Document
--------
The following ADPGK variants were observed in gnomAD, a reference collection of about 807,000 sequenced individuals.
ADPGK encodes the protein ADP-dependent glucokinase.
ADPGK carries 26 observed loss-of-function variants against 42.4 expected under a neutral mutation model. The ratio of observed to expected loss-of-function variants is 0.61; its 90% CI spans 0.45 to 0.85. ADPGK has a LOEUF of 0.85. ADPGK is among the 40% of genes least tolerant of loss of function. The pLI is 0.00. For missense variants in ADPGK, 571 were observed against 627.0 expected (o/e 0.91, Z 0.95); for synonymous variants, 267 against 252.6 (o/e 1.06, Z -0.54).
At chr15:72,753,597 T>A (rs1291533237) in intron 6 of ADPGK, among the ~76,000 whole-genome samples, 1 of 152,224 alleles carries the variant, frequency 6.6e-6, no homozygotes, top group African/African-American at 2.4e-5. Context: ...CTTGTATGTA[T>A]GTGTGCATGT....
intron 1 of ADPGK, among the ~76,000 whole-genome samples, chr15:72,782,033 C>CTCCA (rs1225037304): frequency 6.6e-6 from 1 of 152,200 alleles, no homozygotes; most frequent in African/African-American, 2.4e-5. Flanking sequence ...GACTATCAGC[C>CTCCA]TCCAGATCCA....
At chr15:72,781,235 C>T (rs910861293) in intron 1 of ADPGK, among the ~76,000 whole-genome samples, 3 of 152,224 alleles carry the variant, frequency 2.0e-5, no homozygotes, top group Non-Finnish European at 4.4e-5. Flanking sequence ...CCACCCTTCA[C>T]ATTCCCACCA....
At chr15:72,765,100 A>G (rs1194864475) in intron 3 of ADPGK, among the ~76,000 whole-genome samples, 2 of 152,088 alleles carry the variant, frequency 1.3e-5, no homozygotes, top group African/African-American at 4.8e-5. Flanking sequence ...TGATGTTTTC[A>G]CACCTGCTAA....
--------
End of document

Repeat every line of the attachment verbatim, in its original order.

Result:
The following ADPGK variants were observed in gnomAD, a reference collection of about 807,000 sequenced individuals.
ADPGK encodes the protein ADP-dependent glucokinase.
ADPGK carries 26 observed loss-of-function variants against 42.4 expected under a neutral mutation model. The ratio of observed to expected loss-of-function variants is 0.61; its 90% CI spans 0.45 to 0.85. ADPGK has a LOEUF of 0.85. ADPGK is among the 40% of genes least tolerant of loss of function. The pLI is 0.00. For missense variants in ADPGK, 571 were observed against 627.0 expected (o/e 0.91, Z 0.95); for synonymous variants, 267 against 252.6 (o/e 1.06, Z -0.54).
At chr15:72,753,597 T>A (rs1291533237) in intron 6 of ADPGK, among the ~76,000 whole-genome samples, 1 of 152,224 alleles carries the variant, frequency 6.6e-6, no homozygotes, top group African/African-American at 2.4e-5. Context: ...CTTGTATGTA[T>A]GTGTGCATGT....
intron 1 of ADPGK, among the ~76,000 whole-genome samples, chr15:72,782,033 C>CTCCA (rs1225037304): frequency 6.6e-6 from 1 of 152,200 alleles, no homozygotes; most frequent in African/African-American, 2.4e-5. Flanking sequence ...GACTATCAGC[C>CTCCA]TCCAGATCCA....
At chr15:72,781,235 C>T (rs910861293) in intron 1 of ADPGK, among the ~76,000 whole-genome samples, 3 of 152,224 alleles carry the variant, frequency 2.0e-5, no homozygotes, top group Non-Finnish European at 4.4e-5. Flanking sequence ...CCACCCTTCA[C>T]ATTCCCACCA....
At chr15:72,765,100 A>G (rs1194864475) in intron 3 of ADPGK, among the ~76,000 whole-genome samples, 2 of 152,088 alleles carry the variant, frequency 1.3e-5, no homozygotes, top group African/African-American at 4.8e-5. Flanking sequence ...TGATGTTTTC[A>G]CACCTGCTAA....